spreadsheet. This process took place until all 148 questionnaires were accounted for. Once all
of the answers were recorded into Excel, the researchers E-mailed the designated researcher in
charge of the SPSS database their completed Excel spreadsheet of answers. The researcher
designated to record the data then inserted all responses from the Excel sheet into SPSS to
generate the results (see appendix G). The 5 researchers then analyzed the results for each
question; including cross tabulation data which was run to compare 2 questions to each other to
aid the researchers in determining if the research supported the hypothesis. After the analysis of
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the data was completed the researchers created descriptions of the data found for each question,
explaining what the data indicated (see analysis).





















COLLEGE STUDENTS AND THE CONSUMPTION OF NEWS

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Ch. 5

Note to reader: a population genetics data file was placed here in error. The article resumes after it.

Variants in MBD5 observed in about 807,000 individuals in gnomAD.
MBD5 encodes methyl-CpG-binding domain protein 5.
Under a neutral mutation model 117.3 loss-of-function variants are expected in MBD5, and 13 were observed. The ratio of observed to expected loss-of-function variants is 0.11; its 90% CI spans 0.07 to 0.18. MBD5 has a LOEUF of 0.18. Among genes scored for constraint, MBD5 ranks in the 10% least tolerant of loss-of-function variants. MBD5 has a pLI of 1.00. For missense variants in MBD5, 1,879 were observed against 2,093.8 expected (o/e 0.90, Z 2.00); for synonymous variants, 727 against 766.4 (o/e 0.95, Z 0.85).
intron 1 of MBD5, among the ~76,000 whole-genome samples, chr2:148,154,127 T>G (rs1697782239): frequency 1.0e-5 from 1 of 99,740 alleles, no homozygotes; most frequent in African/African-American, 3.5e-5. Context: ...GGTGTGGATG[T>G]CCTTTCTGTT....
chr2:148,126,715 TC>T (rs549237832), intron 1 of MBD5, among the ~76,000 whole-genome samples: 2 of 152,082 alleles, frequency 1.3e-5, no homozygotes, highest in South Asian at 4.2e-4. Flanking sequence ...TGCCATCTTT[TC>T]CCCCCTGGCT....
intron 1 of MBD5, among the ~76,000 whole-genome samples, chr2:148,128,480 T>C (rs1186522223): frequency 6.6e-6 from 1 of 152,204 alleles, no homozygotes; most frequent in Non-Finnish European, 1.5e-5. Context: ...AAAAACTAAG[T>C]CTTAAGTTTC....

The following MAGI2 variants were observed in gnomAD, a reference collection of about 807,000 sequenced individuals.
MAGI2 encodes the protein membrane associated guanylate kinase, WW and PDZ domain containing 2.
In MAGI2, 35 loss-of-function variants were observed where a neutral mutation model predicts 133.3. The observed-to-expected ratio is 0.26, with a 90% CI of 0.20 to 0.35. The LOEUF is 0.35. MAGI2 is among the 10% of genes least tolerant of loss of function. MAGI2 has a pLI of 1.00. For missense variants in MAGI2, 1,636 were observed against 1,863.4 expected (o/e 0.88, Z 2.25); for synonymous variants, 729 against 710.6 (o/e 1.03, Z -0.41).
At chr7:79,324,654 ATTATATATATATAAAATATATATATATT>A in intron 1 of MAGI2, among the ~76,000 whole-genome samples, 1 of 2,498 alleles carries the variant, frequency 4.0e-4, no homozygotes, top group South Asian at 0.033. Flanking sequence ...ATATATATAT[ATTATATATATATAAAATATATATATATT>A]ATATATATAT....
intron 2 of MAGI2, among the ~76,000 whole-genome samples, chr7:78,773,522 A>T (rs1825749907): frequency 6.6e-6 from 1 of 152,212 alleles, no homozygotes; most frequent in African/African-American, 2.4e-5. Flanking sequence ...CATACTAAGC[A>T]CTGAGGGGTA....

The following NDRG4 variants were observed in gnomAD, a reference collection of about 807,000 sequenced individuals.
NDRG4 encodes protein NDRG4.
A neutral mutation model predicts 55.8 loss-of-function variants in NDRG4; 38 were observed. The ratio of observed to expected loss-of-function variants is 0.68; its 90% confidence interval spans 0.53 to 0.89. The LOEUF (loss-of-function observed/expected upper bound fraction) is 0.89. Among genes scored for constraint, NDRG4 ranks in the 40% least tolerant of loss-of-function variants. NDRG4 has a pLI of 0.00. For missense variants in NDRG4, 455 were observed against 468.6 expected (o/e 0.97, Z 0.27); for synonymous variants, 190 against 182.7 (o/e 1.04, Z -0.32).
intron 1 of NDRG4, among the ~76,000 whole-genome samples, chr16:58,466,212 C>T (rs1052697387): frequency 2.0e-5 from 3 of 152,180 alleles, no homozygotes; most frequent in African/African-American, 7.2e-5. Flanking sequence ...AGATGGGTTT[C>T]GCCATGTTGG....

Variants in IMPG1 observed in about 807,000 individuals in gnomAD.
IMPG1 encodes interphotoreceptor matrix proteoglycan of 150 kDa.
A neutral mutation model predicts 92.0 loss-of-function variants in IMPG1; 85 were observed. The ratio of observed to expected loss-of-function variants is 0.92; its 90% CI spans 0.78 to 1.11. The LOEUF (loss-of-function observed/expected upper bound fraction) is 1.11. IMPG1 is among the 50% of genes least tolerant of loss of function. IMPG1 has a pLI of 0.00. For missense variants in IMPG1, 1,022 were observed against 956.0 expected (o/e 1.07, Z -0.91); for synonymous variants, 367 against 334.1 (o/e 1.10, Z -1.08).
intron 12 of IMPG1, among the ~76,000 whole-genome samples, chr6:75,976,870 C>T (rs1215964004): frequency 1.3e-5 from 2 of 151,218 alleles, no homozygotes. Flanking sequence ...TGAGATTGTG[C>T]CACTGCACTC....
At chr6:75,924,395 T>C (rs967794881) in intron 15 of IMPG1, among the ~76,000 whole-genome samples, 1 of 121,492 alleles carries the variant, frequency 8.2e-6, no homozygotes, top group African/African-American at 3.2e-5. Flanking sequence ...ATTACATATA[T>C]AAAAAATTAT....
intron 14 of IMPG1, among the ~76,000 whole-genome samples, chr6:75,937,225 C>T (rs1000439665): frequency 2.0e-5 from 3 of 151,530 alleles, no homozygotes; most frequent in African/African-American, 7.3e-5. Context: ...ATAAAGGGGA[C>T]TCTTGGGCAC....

Analysis










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Figure 1












Table 1









The respondents in the questionnaire were separated by gender as seen in figure 1. The
data shows a total of 148 questionnaires were competed. Out of the 148 questionnaires
completed, 77 of the respondents were male and 71 of the respondents were female.
Statistically, 52.03% of the respondents were males and 47.97% were female respondents. The
number of respondents was relatively even and balanced between men and women.

Gender

Frequency Percent Valid Percent
Cumulative
Percent
Valid 1.00 55 41.7 51.4 51.4
2.00 52 39.4 48.6 100.0
Total 107 81.1 100.0

Missing System 25 18.9

Total 132 100.0

COLLEGE STUDENTS AND THE CONSUMPTION OF NEWS

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Figure 2

Table 2












Year

Frequen
cy
Percen
t
Valid
Percent
Cumulative
Percent
Valid 1.00 29 22.0 27.1 27.1
2.00 30 22.7 28.0 55.1
3.00 16 12.1 15.0 70.1
4.00 32 24.2 29.9 100.0
Total 107 81.1 100.0

Missin
g
Syste
m
25 18.9

Total 132 100.0

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As seen in figure 2 each stratum was broken into four college academic year levels: first
years, sophomores, juniors, and seniors. The data shows out of our 148 participants 33 were first
year students, 36 were sophomore students, 33 were junior students, and 46 were seniors.
Statistically, 22.30% were first years, 24.32% were sophomores, 22.30% were juniors, and
31.06% were seniors. The goal was to have at least 25 respondents in each stratum. According